Philip K. Dick is viewed by many as the father of modern science fiction. His book, Do Androids Dream of Electric Sheep? is one of the reasons for that title. Originally published in 1968, the story follows Rick Deckard, a bounty hunter who is charged by the police to eliminate rogue androids. However, this story focuses less on the chase and more on the differences between man and machine. This subject has always been a topic of concern and interest, as seen in the many movies that reflect machines turning on humans, or being unable to tell a machine/alien apart from humans, including the film Bladerunner, which was based directly off of Dick’s book.
Dick outlines a dying world within his novel, one where many people have to turn to machines to grant them artificial emotions. They seem to have lost them, much like the animals of the planet, which are now almost extinct. Real animals are now a commodity, highly prized and incredibly expensive. Rick Deckard finds his job more and more difficult as he finds it harder and harder to distinguish between humans and the Nexus-6 androids he has to retire (kill).
How does Rick determine the difference? He uses what is called the Voigt-Kampff test, which measures the emphatic nature of the subject’s responses. The androids were unable to “feel” in the same way that humans were. This is Dick’s opinion of the line between man and machine. It is the ability to feel, rather than to simply acknowledge terms, etc. Dick writes, “At this point he could not discern her degree of seriousness. A topic of world-shaking importance, yet dealt with facetiously; an android trait, possibly, he thought. No emotional awareness, no feeling-sense of the actual meaning of what she said. Only the hollow, formal, intellectual definitions of the separate terms (pg. 190).”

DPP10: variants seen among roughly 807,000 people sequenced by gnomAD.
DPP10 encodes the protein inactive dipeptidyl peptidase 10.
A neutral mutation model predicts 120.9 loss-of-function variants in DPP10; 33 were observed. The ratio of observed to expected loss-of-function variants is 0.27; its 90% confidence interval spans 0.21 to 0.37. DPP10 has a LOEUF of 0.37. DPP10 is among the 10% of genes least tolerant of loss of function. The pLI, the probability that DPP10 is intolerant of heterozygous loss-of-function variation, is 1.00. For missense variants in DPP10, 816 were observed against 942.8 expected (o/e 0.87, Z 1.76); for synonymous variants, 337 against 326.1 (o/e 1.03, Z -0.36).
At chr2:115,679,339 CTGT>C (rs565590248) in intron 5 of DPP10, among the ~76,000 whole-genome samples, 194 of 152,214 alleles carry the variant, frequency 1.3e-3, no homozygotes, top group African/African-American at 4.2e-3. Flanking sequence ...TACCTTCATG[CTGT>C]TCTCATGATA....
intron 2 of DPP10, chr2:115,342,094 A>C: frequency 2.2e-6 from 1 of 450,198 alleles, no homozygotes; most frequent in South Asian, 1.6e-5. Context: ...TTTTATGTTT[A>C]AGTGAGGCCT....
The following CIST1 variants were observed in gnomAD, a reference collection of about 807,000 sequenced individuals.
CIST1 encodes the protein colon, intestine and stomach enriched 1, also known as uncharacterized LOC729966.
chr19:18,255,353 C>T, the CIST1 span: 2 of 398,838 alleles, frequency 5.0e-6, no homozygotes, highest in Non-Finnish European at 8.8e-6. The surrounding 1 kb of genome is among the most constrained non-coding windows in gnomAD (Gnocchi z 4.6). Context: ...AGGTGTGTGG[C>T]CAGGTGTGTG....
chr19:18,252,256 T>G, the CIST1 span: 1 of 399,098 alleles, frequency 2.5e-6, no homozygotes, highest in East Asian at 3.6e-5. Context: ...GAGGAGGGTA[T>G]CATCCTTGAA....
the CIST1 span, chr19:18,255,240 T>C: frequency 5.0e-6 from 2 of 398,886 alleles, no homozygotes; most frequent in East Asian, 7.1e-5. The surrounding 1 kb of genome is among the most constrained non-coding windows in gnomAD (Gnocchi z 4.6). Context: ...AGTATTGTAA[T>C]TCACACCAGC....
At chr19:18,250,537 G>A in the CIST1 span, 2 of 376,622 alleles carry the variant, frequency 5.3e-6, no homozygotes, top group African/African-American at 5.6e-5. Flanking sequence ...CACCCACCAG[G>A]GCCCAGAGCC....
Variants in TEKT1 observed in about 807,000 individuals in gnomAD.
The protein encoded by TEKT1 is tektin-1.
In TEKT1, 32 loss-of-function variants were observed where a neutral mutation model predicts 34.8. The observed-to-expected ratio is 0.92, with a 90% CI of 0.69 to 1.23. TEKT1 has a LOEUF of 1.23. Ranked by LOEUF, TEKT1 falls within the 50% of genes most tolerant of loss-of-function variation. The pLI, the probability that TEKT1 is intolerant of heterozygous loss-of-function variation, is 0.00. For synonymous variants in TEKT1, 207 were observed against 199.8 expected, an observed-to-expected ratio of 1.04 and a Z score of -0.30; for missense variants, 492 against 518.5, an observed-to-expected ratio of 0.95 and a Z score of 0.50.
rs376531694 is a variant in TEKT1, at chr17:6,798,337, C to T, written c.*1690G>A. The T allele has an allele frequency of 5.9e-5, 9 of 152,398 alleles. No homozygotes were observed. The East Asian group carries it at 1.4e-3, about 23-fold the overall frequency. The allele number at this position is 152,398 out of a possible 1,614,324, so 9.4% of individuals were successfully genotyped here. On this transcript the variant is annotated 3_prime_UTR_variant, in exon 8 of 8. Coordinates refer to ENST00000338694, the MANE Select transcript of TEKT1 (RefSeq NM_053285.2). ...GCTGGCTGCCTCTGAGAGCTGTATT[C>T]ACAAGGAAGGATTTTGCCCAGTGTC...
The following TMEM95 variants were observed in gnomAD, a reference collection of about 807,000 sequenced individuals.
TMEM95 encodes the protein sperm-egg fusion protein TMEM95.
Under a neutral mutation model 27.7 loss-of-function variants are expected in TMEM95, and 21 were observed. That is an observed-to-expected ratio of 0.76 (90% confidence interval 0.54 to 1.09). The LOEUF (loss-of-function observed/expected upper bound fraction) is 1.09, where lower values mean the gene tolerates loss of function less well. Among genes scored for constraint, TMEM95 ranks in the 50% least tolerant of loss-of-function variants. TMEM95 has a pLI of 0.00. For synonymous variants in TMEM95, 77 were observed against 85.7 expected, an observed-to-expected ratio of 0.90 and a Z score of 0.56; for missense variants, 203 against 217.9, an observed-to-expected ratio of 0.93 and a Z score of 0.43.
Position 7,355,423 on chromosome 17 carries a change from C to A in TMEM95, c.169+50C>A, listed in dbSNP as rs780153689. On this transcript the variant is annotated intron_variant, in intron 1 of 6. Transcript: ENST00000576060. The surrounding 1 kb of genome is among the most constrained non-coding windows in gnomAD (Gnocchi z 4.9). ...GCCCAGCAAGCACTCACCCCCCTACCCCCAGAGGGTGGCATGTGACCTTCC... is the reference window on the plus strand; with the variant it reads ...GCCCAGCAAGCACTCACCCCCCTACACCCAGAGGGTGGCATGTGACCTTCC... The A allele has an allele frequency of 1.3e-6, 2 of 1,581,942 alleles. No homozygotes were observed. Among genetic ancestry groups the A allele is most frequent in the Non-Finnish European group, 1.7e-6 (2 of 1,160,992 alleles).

The other man that the story follows is John Isidore, who is shunned by society for having a lower than standard mental capacity. However, he does something very interesting, which is use what is known as an empathy box. This box presents Dick’s concept of empathy. Once using the box, a person enters a journey with a man named Mercer. Everyone connected to one of these boxes makes the journey up the hill with him, and is pelted with stones, just as he is. They make this journey over and over again, knowing that the end of the journey brings only death. However, during it, they are able to share their experiences with others. Andorids are incapable of using the empathy box effectively.
Dick presents an idea that empathy is the what separates man from the machines he creates. He then goes on to describe empathy as what humans can feel. How they can put themselves in another person’s shoes and share experiences with others. Empathy is what links humans together, what brings about love, and all of the other emotions. It is the way to create those emotions naturally, rather than artificially.
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